Downing Street Insists No-Deal Remains a Brexit Option, Despite Claims

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The government was on damage control duty Wednesday after a senior civil servant was overheard speaking loudly in a Brussels bar saying Brexit could be delayed, the latest in a series of government figures to do so.

The Prime Minister told Parliament Wednesday that members should not take “what someone said to someone else as overheard by someone else, in a bar” as gospel after her chief advisor on Europe Oliver ‘Olly’ Robbins was heard by a British journalist talking about the future of Brexit in a hotel bar in Brussels.

Theresa May continued to say: “It is very clear the government’s position is the same. We triggered Article 50 (the process by which the UK leaves the EU)… that had a two-year time limit, that ends on the 29 March… We want to leave with a deal, and that’s what we are working for”, reports the Daily Telegraph.

Downing Street moved separately to diffuse concern that the government was working to take a so-called no-deal Brexit off the table, with a government spokesman saying Wednesday: ” parliament wants the UK to leave with a deal, but in order to do so it requires us to secure legally binding changes in relation to the backstop… No deal is an eventuality we wish to avoid, but one we continue to plan for. Does no-deal remain on the table? The answer is yes.”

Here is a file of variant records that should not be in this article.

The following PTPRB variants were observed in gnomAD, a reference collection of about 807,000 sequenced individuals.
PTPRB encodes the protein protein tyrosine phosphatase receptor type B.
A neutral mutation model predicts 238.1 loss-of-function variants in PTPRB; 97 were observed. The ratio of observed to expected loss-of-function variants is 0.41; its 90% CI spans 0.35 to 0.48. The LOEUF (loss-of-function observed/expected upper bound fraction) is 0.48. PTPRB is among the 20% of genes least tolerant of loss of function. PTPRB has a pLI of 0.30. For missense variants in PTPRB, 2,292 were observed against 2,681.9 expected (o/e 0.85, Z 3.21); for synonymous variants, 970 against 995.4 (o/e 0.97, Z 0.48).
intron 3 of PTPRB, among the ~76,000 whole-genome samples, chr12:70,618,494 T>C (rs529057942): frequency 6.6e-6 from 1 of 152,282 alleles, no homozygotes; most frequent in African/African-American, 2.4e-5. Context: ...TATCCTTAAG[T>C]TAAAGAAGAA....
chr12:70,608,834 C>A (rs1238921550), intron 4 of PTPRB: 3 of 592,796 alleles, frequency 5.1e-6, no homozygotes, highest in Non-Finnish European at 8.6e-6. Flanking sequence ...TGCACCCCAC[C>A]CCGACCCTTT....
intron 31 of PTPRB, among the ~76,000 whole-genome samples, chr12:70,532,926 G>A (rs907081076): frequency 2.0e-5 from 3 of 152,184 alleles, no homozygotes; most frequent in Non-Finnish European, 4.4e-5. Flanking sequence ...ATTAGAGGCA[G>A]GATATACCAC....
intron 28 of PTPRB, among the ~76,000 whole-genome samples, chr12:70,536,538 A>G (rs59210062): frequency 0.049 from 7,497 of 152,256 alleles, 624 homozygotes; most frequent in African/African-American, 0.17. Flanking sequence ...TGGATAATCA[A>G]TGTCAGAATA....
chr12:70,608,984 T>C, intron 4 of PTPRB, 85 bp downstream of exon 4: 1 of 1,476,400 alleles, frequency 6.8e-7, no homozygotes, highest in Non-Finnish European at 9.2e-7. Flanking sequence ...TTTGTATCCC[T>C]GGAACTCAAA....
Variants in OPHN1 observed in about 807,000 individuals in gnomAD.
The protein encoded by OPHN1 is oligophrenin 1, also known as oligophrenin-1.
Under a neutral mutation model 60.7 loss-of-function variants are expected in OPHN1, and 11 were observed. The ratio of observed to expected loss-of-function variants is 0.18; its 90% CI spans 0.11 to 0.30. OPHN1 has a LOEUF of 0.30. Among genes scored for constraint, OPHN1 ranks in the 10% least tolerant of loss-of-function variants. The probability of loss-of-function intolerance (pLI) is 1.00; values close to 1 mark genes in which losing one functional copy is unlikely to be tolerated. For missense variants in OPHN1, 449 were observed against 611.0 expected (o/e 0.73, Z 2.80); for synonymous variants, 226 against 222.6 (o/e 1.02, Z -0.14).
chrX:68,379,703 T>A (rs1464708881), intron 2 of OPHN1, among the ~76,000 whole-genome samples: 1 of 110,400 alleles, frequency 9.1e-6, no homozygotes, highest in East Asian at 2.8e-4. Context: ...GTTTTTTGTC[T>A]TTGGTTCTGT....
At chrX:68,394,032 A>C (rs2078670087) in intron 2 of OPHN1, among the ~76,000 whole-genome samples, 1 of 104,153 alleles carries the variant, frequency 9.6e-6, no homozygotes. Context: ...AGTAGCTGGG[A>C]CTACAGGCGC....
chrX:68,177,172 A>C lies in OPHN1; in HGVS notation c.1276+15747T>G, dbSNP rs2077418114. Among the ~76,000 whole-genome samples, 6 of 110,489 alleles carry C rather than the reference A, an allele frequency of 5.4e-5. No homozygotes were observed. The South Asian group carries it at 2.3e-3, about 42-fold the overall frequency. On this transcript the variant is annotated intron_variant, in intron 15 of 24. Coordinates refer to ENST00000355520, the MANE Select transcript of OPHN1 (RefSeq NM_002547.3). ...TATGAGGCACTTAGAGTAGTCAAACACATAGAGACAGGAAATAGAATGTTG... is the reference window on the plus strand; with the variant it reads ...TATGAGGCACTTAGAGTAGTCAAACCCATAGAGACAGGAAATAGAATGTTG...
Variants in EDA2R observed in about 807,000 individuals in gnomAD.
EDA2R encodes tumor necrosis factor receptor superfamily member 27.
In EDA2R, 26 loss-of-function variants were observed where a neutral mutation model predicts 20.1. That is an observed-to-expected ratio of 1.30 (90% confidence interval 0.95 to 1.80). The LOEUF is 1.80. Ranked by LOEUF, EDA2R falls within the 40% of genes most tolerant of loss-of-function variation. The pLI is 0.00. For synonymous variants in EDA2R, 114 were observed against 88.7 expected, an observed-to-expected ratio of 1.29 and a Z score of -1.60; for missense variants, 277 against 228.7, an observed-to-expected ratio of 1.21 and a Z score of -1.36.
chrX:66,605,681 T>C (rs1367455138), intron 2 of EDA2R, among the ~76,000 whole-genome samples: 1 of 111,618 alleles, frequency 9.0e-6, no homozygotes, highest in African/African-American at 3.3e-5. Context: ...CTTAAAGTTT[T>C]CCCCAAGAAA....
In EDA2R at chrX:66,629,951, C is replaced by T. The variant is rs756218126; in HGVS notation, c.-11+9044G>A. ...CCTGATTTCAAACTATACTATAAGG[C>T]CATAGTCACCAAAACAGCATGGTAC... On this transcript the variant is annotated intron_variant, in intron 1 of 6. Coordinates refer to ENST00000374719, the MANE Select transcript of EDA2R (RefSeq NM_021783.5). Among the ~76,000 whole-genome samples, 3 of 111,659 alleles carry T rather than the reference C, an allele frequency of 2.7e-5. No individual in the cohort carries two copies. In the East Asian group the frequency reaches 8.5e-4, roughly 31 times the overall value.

While the Prime Minister once frequently told the public that “no deal is better than a bad deal”, the promise has since apparently fallen from grace and several senior members of the government have made clear that far from no deal being an option, it is an outcome to avoid at all costs.

As well as senior Civil Servant Olly Robbins’ comments in public that Members of Parliament would have a simple binary choice between accepting Theresa May’s “worst deal in history” Brexit, or delaying Britain leaving the European Union altogether, other senior May allies have made similar comments.

Breitbart London reported in January when Home Secretary Savid Javid became the third minister to have said Brexit day could be delayed to give the Prime Minister more time to negotiate with the European Union.

The claims stand in direct opposition to May’s own remarks, where she has repeatedly promised: “Brexit on time.”

Delaying the withdrawal of the UK from the EU could be very politically damaging from the government, not least because it could trigger an otherwise unexpected European Parliament election in the country in May. The vote, which could be seen as a poll on the government’s handling on Brexit so soon after cancelling Brexit day on March 29th could see the Conservative party punished at the ballot box.


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